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One more thing…

Volume 2, Issue 9; 10 Mar 2018

A few notes about using the DocBook stylesheets without Gradle and on catalogs in jar files.

Since I posted about the DocBook XSLT 2.0 Stylesheets a few days ago, I’ve made a few refinements to the stylesheets distribution.

That last post was about how easy it is to use the stylesheets in a Gradle project to format DocBook documents. That isn’t going to suit everyone. If you don’t want to use Gradle, or you can’t, or you’ve already got a build system in place and you don’t want to change it more than you have to, that’s fine.

One option is to simply download the zip file (e.g., docbook-xslt2-2.3.1.zip), unpack it where you like, and have at it. You’ll need to setup your favorite XProc processor to run the pipelines, or decompose the pipeline workflow into steps using some other tool, but that’ll work.

Another option, at least for simple workflows, is to download the “-app” zip file (e.g, docbook-xslt2-2.3.1-app.zip), unpack it where you like, and run the pipeline directly. Unpacking the zip file will create a directory containing a jar file and a subdirectory of “lib” jars. You can run the stylesheet jar directly from that location:

java -jar /path/to/docbook-xslt2-2.3.1.jar mydocument.xml

The “app” distribution includes all of the open source libraries required to run the pipeline. If you need additional libraries, for example, for print formatting, put them on your classpath, or simply copy them into the lib/ directory.

Making catalogs

The other thing that the Gradle task does is construct a catalog file for the resources in the jar file. It then makes sure that catalog is added to the resolver before running the pipeline.

If you’re incorporating the stylesheets into your own build system, you can get the catalog with a few simple lines of Java (or your favorite JVM language). Here’s a toy example:

import org.docbook.XSLT20;

public class TestJvm {
    public static void main(String[] args) {
        XSLT20 docBookXslt = new XSLT20();

        String catalog = docBookXslt.createCatalog();

        // This catalog is a temporary file and will be deleted automatically.
        System.out.println("Temp catalog: " + catalog);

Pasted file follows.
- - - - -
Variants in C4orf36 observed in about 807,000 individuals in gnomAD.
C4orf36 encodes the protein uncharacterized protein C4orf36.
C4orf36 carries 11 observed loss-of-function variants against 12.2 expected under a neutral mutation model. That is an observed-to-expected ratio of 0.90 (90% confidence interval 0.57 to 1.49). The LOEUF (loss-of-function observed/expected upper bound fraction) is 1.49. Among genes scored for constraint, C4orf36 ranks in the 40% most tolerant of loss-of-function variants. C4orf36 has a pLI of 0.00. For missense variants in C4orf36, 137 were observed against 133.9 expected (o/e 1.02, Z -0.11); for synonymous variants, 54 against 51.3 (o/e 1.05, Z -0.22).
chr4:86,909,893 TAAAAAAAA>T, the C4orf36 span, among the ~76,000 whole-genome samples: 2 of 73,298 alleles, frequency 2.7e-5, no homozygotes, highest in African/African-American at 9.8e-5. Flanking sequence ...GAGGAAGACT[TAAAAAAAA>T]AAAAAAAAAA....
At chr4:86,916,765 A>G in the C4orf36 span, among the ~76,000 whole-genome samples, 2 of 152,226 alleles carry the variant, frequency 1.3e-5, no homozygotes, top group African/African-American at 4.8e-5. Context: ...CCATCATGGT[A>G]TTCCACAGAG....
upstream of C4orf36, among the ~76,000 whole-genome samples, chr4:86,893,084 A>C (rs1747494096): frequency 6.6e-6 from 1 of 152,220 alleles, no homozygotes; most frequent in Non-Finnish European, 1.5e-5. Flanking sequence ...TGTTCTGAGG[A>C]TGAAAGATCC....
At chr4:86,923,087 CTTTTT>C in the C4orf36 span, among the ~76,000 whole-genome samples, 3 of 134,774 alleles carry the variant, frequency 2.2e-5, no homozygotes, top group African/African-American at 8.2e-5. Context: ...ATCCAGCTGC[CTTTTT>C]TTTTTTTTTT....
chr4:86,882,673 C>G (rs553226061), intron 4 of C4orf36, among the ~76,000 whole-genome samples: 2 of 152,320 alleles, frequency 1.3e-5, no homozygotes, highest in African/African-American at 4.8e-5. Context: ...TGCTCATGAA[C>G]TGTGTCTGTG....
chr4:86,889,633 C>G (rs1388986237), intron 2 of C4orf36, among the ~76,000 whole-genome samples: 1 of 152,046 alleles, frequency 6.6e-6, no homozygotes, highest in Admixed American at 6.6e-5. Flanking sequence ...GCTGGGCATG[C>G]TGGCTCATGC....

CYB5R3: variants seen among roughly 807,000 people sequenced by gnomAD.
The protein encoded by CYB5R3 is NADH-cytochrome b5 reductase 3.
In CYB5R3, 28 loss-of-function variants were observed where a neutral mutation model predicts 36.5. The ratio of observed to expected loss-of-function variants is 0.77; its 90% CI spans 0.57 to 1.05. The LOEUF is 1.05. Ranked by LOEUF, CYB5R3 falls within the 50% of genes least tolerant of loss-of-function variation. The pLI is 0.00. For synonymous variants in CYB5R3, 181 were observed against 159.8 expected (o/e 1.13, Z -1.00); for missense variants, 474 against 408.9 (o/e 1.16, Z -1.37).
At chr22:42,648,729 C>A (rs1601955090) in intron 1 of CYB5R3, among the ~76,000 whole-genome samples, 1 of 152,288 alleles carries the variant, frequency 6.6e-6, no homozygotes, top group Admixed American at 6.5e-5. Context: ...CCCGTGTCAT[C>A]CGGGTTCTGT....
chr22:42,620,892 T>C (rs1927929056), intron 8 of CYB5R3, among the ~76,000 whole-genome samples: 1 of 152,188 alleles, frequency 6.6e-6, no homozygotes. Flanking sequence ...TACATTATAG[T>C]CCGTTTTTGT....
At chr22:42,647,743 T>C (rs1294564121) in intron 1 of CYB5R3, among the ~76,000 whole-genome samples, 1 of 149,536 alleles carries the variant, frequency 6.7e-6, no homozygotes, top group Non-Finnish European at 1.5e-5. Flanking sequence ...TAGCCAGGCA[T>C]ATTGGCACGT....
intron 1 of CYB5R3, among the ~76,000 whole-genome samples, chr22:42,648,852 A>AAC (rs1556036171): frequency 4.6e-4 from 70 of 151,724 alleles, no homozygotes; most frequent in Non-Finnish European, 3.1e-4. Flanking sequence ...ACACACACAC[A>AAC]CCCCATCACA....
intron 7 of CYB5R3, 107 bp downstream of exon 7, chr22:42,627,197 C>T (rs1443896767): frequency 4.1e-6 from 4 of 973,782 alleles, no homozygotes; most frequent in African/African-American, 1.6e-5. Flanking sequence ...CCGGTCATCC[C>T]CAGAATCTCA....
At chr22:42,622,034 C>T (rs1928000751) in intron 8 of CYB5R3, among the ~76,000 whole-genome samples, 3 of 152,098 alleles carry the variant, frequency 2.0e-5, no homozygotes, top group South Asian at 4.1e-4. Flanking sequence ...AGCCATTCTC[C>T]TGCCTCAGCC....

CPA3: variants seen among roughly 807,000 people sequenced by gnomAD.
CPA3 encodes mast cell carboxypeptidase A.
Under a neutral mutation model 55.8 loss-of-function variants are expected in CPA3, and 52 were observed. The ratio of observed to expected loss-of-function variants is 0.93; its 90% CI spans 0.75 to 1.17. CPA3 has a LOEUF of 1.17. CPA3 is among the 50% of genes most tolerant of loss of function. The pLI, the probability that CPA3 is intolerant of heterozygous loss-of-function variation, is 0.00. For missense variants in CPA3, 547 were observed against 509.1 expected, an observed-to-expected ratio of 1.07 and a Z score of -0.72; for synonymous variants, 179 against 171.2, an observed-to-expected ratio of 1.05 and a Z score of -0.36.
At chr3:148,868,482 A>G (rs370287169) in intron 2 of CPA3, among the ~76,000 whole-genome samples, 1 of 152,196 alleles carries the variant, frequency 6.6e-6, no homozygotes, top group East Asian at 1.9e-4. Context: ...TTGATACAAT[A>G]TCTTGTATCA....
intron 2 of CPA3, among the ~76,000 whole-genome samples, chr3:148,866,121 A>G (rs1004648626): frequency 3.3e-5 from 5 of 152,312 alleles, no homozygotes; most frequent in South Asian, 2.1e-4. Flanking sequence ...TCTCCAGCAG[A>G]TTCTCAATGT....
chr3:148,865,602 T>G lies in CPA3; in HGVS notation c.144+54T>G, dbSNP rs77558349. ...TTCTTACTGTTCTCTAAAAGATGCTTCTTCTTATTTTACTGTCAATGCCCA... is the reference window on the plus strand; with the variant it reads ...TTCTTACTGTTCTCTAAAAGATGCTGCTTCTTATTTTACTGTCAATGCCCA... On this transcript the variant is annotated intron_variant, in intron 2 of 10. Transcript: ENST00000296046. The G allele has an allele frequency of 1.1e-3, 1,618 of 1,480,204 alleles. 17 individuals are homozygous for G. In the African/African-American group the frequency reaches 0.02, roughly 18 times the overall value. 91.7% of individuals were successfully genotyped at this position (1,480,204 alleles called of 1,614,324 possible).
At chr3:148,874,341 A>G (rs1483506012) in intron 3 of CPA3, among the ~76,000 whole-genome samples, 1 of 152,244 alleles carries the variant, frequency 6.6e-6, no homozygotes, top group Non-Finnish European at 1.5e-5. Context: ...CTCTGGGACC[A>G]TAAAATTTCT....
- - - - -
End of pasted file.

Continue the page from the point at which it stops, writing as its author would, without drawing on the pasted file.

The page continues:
catalog = docBookXslt.createCatalog("/tmp/dbcat.xml");

        // This catalog is "permanent"; you have to delete it yourself.
        System.out.println("Perm catalog: " + catalog);
    }
}

If you’re running the build inside a single JVM, the first form will create a catalog file that automatically gets deleted when the process finishes. If you’re running it in separate calls to the JVM, from make, for example, then use the latter form to create a persistent catalog.

For those who are curious, the resulting catalog has entries that look like this:

<uri name="https://cdn.docbook.org/release/2.3.1/xslt/base/html/final-pass.xsl"
     uri="jar:file:/home/ndw/…/docbook-xslt2-2.3.1.jar!/xslt/base/html/final-pass.xsl"/>

The XMLResolver supports jar: scheme URIs and will return the final-pass.xsl file from the jar when referenced with the URI from the CDN. No network access is required.

One last note, it’s also possible to obtain the catalogs through reflection, if you don’t have, or want to have, the DocBook XSLT classes as compile time dependencies. Here’s how the DocBook Task loads the schemas catalog:

String schemaCatalog = null
try {
    Class klass = Class.forName("org.docbook.Schemas")
    Object schemas = klass.newInstance()
    Method method = schemas.getClass().getMethod("createCatalog")
    schemaCatalog = "file://" + method.invoke(schemas)
} catch (ClassNotFoundException cfne) {
    // not found
}

Here’s hoping that’s useful to someone.

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